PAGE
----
– In Year 7, students are all assessed against subject statements which link with the curriculum map, and are assessed in four bands:
Excellence – work being produced shows a deep understanding of the material covered and well developed skills. This band is indicative of a student who will go on to get GCSE grade 7-9, if they continue to progress as expected.
Secure – work reflects a food understanding of the material covered and associated skills needed for a subject. This band is indicative of a student who will go on to secure GCSE grade 5 to 6, if they continue to progress as expected.
Developing – work reflects a reasonable understanding of the material covered and some of the skills needed for a subject. This band is indicative of a student who will go on to secure GCSE grade 3 to 4.
Foundation – work reflects a basic understanding of the material covered the associated skills needed for a subject. This band is indicative of a student who will go on to secure GCSE grade 1 to 3-, if they continue to progress as expected.
For some subjects, this band will progress throughout the year as they will be assessing against common statements throughout the year, whilst for other subjects the statements will be different each half term and will become more challenging which will mean that the band may not change throughout the year. This approach again allows subjects to be flexible in using assessment in the most effective way to assess the skills and knowledge that they want to develop in students.
Year 8 and 9
– In Year 8 and 9, subjects have flexibility to assess in ways that are most appropriate to their subject, including the use of examinations, and assessments will begin to mirror aspects of the criteria assessed at GCSE. Assessments will be designed to ensure they are cumulative and iterative, assessing the full breadth of student knowledge and skills to date, in order to continually retrieve and rehearse knowledge whilst also identifying areas of ephemeral knowledge that require revisiting as part of the teaching and curriculum plan.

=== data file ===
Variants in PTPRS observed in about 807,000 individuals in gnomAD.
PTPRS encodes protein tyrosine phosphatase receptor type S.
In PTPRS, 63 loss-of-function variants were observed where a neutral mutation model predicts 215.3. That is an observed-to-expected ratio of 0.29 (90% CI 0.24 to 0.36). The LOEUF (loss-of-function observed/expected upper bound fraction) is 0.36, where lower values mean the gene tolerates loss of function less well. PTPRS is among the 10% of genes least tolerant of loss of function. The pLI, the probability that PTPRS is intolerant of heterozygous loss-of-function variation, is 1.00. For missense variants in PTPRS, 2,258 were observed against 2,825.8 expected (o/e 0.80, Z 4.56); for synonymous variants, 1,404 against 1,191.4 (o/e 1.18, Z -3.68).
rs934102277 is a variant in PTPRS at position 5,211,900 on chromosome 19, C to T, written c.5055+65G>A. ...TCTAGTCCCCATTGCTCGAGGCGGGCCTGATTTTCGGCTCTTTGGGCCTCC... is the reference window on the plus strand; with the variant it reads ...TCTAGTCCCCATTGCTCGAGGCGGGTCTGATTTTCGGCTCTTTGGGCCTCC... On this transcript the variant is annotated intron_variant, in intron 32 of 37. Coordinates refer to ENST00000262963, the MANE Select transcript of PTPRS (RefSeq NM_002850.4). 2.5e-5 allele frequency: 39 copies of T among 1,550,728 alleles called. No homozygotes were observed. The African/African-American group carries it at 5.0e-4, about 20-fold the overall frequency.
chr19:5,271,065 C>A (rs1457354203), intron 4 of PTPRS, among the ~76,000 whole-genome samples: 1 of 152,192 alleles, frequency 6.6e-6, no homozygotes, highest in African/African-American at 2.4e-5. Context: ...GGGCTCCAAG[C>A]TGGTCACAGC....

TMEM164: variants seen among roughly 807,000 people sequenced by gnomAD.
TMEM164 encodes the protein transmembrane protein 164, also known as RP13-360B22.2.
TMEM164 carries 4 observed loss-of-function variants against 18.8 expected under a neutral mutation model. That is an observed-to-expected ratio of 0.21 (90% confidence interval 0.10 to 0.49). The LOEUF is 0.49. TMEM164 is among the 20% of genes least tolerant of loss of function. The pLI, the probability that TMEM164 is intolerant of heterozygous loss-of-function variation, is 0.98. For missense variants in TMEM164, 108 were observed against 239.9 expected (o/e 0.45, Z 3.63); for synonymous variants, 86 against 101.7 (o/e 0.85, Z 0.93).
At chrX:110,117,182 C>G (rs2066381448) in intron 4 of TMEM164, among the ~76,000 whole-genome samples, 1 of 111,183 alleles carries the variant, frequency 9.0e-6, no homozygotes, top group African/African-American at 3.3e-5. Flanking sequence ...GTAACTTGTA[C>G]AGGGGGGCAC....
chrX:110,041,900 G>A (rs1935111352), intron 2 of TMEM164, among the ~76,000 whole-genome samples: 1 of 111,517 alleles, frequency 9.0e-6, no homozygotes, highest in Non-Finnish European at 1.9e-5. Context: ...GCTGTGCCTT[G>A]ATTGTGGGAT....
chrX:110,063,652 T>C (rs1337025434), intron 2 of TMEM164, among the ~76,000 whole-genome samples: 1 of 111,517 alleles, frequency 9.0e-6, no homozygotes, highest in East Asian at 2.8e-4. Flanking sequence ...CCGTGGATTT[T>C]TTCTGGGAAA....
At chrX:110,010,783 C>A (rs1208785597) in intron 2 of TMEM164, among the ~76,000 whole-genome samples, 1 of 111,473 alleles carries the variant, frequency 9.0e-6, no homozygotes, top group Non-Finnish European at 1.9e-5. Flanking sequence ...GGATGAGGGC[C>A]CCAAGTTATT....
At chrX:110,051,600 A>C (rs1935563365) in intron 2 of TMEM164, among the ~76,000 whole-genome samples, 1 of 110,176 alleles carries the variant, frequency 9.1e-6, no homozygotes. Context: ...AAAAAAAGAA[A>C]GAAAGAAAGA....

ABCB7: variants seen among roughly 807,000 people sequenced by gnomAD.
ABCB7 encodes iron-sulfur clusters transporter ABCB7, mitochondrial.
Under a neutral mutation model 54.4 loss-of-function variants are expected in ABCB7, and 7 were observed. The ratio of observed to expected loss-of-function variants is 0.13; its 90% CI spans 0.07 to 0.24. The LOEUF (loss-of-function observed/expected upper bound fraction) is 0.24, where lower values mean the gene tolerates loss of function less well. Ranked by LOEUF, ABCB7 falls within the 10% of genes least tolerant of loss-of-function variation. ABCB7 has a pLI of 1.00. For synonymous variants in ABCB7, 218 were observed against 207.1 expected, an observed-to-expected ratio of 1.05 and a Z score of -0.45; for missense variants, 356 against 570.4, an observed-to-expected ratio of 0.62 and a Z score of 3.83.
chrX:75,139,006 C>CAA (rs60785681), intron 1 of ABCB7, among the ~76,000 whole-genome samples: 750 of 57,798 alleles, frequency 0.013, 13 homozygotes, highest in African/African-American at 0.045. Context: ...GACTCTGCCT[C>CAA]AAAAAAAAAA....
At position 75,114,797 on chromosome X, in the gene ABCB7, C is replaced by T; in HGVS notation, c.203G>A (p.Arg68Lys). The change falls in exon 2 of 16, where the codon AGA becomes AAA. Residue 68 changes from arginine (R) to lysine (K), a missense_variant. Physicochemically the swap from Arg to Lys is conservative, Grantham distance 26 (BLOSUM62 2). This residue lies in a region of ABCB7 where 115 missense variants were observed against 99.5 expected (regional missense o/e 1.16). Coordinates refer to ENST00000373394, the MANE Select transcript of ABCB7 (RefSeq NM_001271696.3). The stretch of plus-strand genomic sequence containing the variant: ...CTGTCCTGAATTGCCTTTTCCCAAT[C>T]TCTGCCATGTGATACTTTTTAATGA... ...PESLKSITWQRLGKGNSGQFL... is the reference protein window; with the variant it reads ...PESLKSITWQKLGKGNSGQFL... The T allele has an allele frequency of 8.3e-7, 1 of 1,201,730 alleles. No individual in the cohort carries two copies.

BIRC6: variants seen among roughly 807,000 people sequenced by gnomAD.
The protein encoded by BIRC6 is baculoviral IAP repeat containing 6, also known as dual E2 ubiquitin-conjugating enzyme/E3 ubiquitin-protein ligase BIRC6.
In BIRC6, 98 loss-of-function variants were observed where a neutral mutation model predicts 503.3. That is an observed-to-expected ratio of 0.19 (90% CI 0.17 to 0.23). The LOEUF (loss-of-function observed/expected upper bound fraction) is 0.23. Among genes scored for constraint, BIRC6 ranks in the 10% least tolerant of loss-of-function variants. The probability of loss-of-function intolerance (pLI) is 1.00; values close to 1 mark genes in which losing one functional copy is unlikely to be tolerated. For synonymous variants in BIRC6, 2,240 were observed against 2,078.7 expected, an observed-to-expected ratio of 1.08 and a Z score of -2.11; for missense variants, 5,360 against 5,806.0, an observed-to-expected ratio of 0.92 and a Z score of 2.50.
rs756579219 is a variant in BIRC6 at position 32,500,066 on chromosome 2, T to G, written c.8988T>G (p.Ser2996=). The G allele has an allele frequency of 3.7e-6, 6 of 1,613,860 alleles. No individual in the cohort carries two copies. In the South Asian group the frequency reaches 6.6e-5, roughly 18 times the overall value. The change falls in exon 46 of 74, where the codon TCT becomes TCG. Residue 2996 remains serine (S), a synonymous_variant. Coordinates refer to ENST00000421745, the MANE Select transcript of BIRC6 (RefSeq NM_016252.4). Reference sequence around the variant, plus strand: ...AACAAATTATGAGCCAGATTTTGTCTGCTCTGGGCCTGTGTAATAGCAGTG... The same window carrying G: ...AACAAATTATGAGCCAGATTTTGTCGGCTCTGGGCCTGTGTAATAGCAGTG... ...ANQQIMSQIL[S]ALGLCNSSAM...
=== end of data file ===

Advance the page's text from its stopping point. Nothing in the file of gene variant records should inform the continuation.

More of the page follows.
Students will begin to be graded using GCSE criteria and numerical grading, although age appropriate assessments will be used to generate this grade rather than students sitting a GCSE paper. Based on each subject’s progression plan, students will have an end of year target grade calculated against which their progression can be benchmarked. Over the course of Year 8-11, these grades will improve toward the final GCSE in Year 11, with support put in place for students who are falling below their progression pathway.
Subject Assessment Statements
Assessment at Key Stage 4
Assessment at Key Stage 4 will be based upon the assessments used by exam boards to award the final GCSE or Tech award qualifications. Throughout Y10 and Y11, students will sit Pre-Public examinations (PPE) which will provide a realistic experience of the final GCSE assessment.
All assessments will again be cumulative and iterative, with the aim of assessing the full breadth of student knowledge and skills to reinforce and identify areas where ephemeral knowledge has been forgotten. This will feed into the planning and evaluation of the curriculum, as well as future teaching sequences and intervention programmes.